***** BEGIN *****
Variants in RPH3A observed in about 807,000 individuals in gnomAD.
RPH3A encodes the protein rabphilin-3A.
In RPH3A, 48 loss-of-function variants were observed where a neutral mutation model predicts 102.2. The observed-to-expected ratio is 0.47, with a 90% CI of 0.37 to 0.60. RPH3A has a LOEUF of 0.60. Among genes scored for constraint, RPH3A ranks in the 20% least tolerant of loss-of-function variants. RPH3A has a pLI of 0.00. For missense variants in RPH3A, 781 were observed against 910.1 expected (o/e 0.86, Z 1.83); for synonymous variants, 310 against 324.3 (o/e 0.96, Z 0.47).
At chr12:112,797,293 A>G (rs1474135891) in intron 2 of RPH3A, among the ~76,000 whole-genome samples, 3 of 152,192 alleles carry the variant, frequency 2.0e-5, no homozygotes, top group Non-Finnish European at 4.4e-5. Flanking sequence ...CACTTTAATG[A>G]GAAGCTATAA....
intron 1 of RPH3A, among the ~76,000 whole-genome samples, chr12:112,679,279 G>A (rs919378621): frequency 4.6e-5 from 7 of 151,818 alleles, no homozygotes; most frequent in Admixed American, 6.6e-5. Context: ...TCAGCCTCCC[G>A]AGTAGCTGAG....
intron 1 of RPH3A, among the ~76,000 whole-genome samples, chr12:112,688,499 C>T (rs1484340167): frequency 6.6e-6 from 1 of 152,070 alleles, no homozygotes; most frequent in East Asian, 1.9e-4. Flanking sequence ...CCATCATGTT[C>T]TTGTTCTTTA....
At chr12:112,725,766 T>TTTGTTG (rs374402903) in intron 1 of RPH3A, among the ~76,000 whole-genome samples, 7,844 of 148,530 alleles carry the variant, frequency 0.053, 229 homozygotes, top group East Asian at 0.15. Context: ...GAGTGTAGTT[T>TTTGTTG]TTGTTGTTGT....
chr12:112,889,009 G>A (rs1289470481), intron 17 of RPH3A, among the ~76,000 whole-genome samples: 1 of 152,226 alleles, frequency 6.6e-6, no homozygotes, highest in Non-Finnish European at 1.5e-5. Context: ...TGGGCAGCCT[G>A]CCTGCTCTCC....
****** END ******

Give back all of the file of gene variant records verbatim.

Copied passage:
Variants in RPH3A observed in about 807,000 individuals in gnomAD.
RPH3A encodes the protein rabphilin-3A.
In RPH3A, 48 loss-of-function variants were observed where a neutral mutation model predicts 102.2. The observed-to-expected ratio is 0.47, with a 90% CI of 0.37 to 0.60. RPH3A has a LOEUF of 0.60. Among genes scored for constraint, RPH3A ranks in the 20% least tolerant of loss-of-function variants. RPH3A has a pLI of 0.00. For missense variants in RPH3A, 781 were observed against 910.1 expected (o/e 0.86, Z 1.83); for synonymous variants, 310 against 324.3 (o/e 0.96, Z 0.47).
At chr12:112,797,293 A>G (rs1474135891) in intron 2 of RPH3A, among the ~76,000 whole-genome samples, 3 of 152,192 alleles carry the variant, frequency 2.0e-5, no homozygotes, top group Non-Finnish European at 4.4e-5. Flanking sequence ...CACTTTAATG[A>G]GAAGCTATAA....
intron 1 of RPH3A, among the ~76,000 whole-genome samples, chr12:112,679,279 G>A (rs919378621): frequency 4.6e-5 from 7 of 151,818 alleles, no homozygotes; most frequent in Admixed American, 6.6e-5. Context: ...TCAGCCTCCC[G>A]AGTAGCTGAG....
intron 1 of RPH3A, among the ~76,000 whole-genome samples, chr12:112,688,499 C>T (rs1484340167): frequency 6.6e-6 from 1 of 152,070 alleles, no homozygotes; most frequent in East Asian, 1.9e-4. Flanking sequence ...CCATCATGTT[C>T]TTGTTCTTTA....
At chr12:112,725,766 T>TTTGTTG (rs374402903) in intron 1 of RPH3A, among the ~76,000 whole-genome samples, 7,844 of 148,530 alleles carry the variant, frequency 0.053, 229 homozygotes, top group East Asian at 0.15. Context: ...GAGTGTAGTT[T>TTTGTTG]TTGTTGTTGT....
chr12:112,889,009 G>A (rs1289470481), intron 17 of RPH3A, among the ~76,000 whole-genome samples: 1 of 152,226 alleles, frequency 6.6e-6, no homozygotes, highest in Non-Finnish European at 1.5e-5. Context: ...TGGGCAGCCT[G>A]CCTGCTCTCC....